My understanding is that, in a MS SQL Server Management Studio window, after doing a "begin transaction" and then making some changes like add data to a table , you can only query that table and those changes from the same window until you do a "commit transaction".

Is there any way to do a query from another source prior to doing the "commit transaction"?

Specific to my current goal and to add some context. I do some SQL queries from Excel Power Query. I'd really like to be able do do these queries prior to the "commit transaction" so that I can do some analysis and figure out if I should be doing a rollback instead of a commit.

2 Answers 2


Yes, it's possible if you change the transaction isolation level for the session (that's what you call "window" in SSMS) that queries modified data. Often this is not such a great idea, as you might get some unexpected results. Consider the side effects carefully. I have no idea if it's possible to change the transacion isolation level in the Excel Power Query.

For example, the following set of queries would insert some data and display the update correctly even without commit/rollback.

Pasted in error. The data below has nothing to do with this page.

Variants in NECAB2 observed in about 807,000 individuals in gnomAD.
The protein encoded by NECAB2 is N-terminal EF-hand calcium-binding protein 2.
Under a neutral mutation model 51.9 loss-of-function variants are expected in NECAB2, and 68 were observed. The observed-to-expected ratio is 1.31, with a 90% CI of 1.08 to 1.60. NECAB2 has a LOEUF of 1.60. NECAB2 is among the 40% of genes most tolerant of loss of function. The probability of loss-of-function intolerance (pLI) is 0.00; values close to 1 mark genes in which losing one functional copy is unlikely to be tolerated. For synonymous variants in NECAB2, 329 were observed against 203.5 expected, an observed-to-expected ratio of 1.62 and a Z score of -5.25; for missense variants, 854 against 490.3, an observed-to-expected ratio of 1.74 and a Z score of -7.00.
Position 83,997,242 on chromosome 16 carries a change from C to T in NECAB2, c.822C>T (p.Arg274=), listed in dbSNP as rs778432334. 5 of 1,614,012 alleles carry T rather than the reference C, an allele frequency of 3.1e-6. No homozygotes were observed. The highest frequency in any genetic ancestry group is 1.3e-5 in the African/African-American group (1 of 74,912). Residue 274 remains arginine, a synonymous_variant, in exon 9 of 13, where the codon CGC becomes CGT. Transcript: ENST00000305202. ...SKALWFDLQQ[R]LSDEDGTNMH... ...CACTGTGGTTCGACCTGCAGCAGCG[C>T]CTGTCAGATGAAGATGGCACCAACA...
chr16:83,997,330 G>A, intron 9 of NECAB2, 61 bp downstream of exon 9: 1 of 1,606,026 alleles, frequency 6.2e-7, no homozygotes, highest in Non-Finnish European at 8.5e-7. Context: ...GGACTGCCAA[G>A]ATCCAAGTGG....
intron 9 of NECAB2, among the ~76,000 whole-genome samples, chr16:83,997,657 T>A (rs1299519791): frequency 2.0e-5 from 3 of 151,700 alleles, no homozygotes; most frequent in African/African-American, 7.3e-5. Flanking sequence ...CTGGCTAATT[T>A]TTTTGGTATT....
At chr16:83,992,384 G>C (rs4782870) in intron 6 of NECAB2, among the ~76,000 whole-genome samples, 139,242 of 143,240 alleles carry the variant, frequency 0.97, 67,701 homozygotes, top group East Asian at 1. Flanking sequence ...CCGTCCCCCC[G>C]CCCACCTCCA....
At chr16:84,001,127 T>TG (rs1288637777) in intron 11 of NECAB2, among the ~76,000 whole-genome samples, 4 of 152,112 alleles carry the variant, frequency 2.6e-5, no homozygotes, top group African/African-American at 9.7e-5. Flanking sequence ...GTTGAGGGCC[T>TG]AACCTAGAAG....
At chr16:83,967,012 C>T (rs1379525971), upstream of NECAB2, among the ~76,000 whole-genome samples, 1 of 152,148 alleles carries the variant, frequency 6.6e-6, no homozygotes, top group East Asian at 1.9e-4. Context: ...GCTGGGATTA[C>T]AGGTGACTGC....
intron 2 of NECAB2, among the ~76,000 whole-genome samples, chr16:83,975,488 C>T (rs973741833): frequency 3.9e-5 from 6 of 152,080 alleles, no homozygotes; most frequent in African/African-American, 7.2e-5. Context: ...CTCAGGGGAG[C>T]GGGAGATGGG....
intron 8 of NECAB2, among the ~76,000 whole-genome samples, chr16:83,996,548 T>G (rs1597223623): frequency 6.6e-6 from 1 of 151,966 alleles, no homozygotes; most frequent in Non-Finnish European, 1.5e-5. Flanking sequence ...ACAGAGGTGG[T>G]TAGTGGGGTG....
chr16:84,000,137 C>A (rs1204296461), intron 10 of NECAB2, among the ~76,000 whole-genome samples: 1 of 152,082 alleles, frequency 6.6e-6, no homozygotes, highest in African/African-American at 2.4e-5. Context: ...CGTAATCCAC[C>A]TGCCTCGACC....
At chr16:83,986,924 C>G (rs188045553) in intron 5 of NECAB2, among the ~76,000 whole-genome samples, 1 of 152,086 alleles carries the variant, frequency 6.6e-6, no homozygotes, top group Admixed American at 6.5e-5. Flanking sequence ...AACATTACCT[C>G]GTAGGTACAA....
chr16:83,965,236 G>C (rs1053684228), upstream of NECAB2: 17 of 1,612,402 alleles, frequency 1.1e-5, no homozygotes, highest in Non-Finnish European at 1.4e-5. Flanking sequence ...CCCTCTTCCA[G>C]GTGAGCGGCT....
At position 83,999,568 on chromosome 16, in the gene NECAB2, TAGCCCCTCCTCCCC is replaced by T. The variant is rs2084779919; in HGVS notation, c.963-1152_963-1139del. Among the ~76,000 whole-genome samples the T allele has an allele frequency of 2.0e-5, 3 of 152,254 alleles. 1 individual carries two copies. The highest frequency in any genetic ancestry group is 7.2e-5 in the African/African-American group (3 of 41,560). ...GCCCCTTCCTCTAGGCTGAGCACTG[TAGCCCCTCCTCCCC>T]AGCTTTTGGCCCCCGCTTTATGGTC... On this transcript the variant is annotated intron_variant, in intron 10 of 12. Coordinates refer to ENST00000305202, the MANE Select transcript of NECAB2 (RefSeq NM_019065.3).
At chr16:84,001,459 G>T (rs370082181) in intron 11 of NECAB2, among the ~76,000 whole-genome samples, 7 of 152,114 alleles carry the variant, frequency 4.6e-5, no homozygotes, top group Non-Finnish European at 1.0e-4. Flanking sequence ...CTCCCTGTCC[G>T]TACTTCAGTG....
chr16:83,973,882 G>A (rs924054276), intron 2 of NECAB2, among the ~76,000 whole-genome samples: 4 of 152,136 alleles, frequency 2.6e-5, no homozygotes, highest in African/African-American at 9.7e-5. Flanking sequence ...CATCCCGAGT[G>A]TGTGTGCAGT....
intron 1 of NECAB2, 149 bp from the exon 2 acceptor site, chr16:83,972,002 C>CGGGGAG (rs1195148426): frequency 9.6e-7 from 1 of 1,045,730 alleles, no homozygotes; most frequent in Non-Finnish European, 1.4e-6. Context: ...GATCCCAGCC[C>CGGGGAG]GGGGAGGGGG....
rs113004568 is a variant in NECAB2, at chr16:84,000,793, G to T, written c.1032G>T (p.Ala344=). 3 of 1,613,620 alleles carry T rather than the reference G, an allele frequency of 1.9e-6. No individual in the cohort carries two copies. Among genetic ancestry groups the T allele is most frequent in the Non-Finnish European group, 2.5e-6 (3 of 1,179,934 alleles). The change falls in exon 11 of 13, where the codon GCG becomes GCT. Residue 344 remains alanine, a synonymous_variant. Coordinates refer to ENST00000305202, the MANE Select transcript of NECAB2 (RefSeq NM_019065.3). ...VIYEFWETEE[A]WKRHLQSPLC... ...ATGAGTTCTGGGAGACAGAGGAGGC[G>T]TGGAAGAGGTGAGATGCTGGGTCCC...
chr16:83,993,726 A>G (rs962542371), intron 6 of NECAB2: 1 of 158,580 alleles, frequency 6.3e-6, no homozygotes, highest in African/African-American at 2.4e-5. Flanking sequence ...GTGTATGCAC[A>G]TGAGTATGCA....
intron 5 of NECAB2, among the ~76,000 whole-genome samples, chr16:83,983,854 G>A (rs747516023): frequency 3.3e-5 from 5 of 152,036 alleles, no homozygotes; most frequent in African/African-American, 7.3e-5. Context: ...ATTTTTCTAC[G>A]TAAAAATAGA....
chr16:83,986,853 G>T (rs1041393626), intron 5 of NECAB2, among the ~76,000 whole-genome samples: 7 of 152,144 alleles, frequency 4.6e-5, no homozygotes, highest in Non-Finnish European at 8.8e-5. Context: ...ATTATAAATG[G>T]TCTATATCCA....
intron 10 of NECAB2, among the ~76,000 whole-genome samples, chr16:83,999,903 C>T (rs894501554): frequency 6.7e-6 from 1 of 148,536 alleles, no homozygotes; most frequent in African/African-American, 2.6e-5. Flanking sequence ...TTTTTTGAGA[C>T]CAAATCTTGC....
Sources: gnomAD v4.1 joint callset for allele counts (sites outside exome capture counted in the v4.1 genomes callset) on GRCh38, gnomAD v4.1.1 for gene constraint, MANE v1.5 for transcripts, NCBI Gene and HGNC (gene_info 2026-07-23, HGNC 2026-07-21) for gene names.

-- Session 1
begin tran tx_test;
-- Assume the Test table exists and insert is okay
insert dbo.Test(datadate, content) values (getdate(), 'transaction');
select * from Test; -- Shows the new data
-- After select, one would execute one of the following
-- commit;
-- rollback;

Meanwhile, the second session executes a select that doesn't seem to do anything:

-- Session 2
-- This waits for uncommitted transaction
-- and returns results after 1st session commits/rollbacks
select * from Test;

Create a third session and alter its isolation level:

-- Session 3
set transaction isolation level read uncommitted;
-- This reads the inserted data from the 1st session, even before commit
select * from Test;
  • This all makes sense! I need to try it out and will then mark it as an answer. Thanks.
    – Alex
    Commented Jan 19, 2015 at 14:29

As a matter of best practices, transactions should be kept as short as possible and never wait for user interaction; every time you perform some type of data or schema modification within a transaction, this places locks on the objects or rows that have been touched/modified, which keeps other users' queries waiting. This is turn can create chain effects that can bring your database server to a standstill.

In the scenario you're describing, I would instead recommend you to make a copy of the data to separate "what-if" tables where you can make your modifications and review the results. Once happy with the results, use a transaction to merge the data of this table back into the original table(s).

  • Sounds like good advice. @vonPryz 's answer was just want I needed at the moment. I do think that your suggestion should be something that I look at next.
    – Alex
    Commented Jan 21, 2015 at 16:47

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